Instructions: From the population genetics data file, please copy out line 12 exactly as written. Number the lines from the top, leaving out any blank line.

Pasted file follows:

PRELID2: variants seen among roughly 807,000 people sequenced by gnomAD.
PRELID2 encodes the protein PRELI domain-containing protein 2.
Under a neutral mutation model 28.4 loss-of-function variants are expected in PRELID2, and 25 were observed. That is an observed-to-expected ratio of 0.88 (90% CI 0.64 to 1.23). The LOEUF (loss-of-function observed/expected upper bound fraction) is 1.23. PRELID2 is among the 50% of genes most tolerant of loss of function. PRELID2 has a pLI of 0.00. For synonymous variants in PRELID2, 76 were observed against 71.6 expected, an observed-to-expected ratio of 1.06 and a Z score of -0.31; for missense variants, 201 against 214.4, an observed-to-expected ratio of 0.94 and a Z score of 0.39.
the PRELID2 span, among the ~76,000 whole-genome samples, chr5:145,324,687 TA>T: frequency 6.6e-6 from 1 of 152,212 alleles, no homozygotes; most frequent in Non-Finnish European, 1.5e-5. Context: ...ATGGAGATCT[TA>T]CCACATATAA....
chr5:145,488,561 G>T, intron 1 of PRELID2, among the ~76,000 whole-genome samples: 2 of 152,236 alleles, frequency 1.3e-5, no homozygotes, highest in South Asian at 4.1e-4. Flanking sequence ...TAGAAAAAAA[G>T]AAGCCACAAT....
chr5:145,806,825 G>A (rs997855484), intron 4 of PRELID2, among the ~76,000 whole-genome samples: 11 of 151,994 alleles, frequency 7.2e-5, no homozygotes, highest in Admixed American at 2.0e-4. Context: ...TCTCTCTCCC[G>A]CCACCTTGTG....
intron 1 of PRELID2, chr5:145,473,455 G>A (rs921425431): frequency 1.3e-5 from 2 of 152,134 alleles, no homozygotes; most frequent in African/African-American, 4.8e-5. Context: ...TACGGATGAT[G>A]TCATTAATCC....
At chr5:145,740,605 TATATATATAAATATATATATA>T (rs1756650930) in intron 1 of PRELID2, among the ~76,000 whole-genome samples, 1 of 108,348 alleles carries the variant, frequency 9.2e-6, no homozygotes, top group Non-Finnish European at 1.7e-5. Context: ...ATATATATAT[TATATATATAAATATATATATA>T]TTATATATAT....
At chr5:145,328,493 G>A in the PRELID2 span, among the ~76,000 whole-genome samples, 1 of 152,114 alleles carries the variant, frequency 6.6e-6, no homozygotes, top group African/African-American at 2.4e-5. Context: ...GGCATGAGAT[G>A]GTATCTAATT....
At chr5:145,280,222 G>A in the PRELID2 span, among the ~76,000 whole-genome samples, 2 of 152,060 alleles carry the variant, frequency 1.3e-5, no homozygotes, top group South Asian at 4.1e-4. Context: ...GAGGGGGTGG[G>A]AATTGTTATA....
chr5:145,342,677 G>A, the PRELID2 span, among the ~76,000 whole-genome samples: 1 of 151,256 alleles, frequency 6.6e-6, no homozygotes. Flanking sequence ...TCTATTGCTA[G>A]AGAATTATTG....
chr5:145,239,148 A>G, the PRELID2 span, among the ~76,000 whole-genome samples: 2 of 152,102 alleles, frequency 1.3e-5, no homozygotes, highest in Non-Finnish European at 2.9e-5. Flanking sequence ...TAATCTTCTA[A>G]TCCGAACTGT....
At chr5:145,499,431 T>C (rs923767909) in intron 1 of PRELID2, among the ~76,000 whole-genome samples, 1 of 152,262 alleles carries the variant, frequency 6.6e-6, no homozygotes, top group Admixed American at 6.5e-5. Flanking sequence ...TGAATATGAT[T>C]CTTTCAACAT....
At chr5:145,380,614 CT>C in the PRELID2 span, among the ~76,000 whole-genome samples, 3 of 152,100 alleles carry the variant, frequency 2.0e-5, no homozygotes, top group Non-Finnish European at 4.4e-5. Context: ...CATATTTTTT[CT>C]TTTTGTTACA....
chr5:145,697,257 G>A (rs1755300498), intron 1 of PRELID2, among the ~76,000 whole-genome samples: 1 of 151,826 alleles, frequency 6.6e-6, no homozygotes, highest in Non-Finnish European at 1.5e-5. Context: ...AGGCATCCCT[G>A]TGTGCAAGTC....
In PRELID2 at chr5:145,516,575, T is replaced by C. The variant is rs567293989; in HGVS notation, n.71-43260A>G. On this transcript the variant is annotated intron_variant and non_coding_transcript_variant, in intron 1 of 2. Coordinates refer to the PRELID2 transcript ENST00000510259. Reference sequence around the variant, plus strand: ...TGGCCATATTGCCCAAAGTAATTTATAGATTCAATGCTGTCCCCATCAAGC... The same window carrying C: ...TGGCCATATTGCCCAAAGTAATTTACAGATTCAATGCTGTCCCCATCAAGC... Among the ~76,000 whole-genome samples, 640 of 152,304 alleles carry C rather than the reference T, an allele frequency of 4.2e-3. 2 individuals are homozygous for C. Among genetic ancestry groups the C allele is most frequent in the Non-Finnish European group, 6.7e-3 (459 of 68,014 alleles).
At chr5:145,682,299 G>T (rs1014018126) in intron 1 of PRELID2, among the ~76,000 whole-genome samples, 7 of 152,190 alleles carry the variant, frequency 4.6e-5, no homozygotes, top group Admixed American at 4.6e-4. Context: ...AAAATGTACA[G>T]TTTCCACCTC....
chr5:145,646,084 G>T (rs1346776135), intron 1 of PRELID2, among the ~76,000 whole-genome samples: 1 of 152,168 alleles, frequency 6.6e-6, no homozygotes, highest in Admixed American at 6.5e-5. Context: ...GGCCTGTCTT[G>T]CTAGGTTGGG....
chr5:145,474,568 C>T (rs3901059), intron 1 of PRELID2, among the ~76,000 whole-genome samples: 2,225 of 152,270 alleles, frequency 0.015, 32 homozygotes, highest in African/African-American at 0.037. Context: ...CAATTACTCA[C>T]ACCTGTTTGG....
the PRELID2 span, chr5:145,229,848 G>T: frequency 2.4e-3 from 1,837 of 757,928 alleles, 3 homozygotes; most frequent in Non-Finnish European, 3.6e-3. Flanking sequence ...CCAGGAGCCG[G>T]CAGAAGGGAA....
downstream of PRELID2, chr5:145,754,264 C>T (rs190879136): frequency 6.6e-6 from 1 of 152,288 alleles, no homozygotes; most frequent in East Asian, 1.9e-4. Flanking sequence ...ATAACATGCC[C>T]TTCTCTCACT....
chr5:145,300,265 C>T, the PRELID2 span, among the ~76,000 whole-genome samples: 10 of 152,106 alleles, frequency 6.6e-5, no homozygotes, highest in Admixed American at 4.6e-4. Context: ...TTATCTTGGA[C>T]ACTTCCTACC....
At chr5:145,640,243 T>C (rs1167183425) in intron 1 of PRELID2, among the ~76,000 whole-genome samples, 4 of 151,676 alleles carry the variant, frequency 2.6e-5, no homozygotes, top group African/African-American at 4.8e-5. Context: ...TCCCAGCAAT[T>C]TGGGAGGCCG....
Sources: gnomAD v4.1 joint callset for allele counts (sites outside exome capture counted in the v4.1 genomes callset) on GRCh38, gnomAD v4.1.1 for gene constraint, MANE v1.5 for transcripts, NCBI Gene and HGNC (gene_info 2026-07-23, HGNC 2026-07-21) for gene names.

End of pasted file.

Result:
chr5:145,239,148 A>G, the PRELID2 span, among the ~76,000 whole-genome samples: 2 of 152,102 alleles, frequency 1.3e-5, no homozygotes, highest in Non-Finnish European at 2.9e-5. Flanking sequence ...TAATCTTCTA[A>G]TCCGAACTGT....